Today is World Down Syndrome Day. I didn’t know this until my son told me last night, after conferring with Siri, whom he consults with about every holiday that he considers significant. (Today is also National Day of Forests and World Poetry Day, by the way, and tomorrow is World Water Day.) Jonah doesn’t have Down Syndrome but he does have a genetic mutation called Fragile X Syndrome. For Jonah, his disability presents as a variety of developmental delays, ADHD, social anxiety, and other afflictions that interfere with his cognitive and social development. He’s hard to teach and even harder to assess.
In other words, his teachers (and parents) struggle to hold schools responsible for providing adequate educational programming, a common scenario in the education of children with developmental disabilities. Typical kids are different too , of course, despite popular books like What Your Third Grader Needs to Know. But kids with disabilities are even more different. Put together half a dozen kids with the same diagnosis (Down Syndrome, Fragile X Syndrome, autism, etc.) and their aptitudes will often be wildly divergent. Some go to college. Some are non-verbal. Some, like Jonah, read well but flounder with the abstractions of simple addition and subtraction. In order to accommodate these differences, goals, objectives, and measurements of progress are embedded in their Individualized Education Plans (IEP’s, which are crafted by Child Study Teams). But this system only works if teachers, therapists, and administrators are held responsible for providing the services and meeting the metrics of those IEP’s.
Another word for this kind of responsibility is “accountability.”
Most districts struggle with accountability (for special ed kids as well as neuro-typical ones) but New York City takes a hard task and makes it almost impossible. As reported yesterday in the Daily News, “the public schools’ digital Special Education Student Information System — better known as SESIS — deprives kids of needed services while costing the city millions.” SESIS has a long history of problems and recently acquired more debt when the UFT negotiated a settlement with the DOE to pay members $33 million in back pay because they spent “many hours outside their regular workday since 2013 logging student data into the system.”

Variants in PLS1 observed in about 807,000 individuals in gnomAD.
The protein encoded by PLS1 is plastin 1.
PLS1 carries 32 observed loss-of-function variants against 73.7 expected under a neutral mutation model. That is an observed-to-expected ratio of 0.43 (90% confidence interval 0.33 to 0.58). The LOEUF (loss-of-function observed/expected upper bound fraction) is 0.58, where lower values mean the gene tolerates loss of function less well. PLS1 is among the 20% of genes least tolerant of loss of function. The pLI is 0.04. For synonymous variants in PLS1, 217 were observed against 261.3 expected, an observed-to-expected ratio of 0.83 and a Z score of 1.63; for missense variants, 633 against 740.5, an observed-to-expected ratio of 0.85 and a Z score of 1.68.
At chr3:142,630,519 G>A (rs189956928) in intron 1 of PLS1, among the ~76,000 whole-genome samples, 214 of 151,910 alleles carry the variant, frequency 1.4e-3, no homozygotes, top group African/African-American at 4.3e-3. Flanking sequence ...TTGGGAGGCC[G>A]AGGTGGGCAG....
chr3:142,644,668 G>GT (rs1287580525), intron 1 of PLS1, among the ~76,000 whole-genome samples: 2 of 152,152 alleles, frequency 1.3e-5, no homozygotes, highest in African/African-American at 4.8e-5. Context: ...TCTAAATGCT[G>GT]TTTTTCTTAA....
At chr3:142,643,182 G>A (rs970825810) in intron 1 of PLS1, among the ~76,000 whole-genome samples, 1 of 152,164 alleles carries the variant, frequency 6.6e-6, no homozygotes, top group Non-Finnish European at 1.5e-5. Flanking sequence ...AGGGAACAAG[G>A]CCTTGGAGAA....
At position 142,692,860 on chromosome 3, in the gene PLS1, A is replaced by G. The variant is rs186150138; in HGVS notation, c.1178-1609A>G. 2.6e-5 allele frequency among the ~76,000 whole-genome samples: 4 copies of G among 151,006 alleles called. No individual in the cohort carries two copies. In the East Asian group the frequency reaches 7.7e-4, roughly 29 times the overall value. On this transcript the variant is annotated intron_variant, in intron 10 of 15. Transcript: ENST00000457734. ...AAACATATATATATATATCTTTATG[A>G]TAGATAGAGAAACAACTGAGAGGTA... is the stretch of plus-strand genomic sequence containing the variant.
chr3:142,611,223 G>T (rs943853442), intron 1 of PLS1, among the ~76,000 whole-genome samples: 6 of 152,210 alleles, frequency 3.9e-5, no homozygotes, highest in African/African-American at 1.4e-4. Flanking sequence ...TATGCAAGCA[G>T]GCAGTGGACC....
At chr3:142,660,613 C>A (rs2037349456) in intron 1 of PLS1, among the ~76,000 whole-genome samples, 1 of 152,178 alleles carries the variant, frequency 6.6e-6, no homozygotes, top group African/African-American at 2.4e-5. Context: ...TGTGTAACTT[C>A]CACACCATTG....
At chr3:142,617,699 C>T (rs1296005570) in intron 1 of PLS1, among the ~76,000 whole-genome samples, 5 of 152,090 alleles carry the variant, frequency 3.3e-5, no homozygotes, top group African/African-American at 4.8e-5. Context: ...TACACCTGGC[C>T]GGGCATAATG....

But those who suffer the greatest harm aren’t the teachers but the children, And there are more of them than you might think.
According to 2015 data, of the 1.1 million students in NYC public schools there are 186,000 children with IEPs in district schools, another 12,700 students with IEPs in charter schools, and another 7,500 children in state-approved private schools. Students with more severe disabilities attend schools in District 75 (310 locations with 24,000 students). The City’s inability to maintain accountability does a grave disservice to students with special needs. How grave? When Mayor Bill de Blasio took office, not only did he eliminate the A-F grading system for schools, which gave parents transparent if reductive summations of school quality, but he also halted distribution of school profiles for District 75 schools. The DOE only began releasing these reports this past July.
“There’s no information for you to make your own assessments outside of visiting the schools in person,” said Lori Podvesker, a policy manager at INCLUDEnyc, a support agency for young people with disabilities, and whose son attends a District 75 school in Manhattan. “That’s so fundamentally wrong.”
“You’re sort of letting those schools off the hook in terms of any accountability measures,” said Kim Nauer, education research director at the New School’s Center for New York City Affairs.
Other problems plague NYC’s educational system for students with disabilities: disproportionality (“of the 186,000 children with an IEP in district schools, four out of five are either Hispanic or black, two out of three are boys and one out of six is an English Language Learner”); lack of transition services like job training; lack of appropriate transportation; and unlawful delays in evaluating and providing therapies necessary for educational advancement, particularly for low-income children.
Other school systems share these lapses. But with the Trump Administration and the Republican leadership enamored by an anorexic U.S. Department of Education, accountability will inevitably shift to states and cities. The repercussions for all children are dangerous, and no more so than for students who are easily glossed over and rendered invisible. World Down Syndrome Day indeed.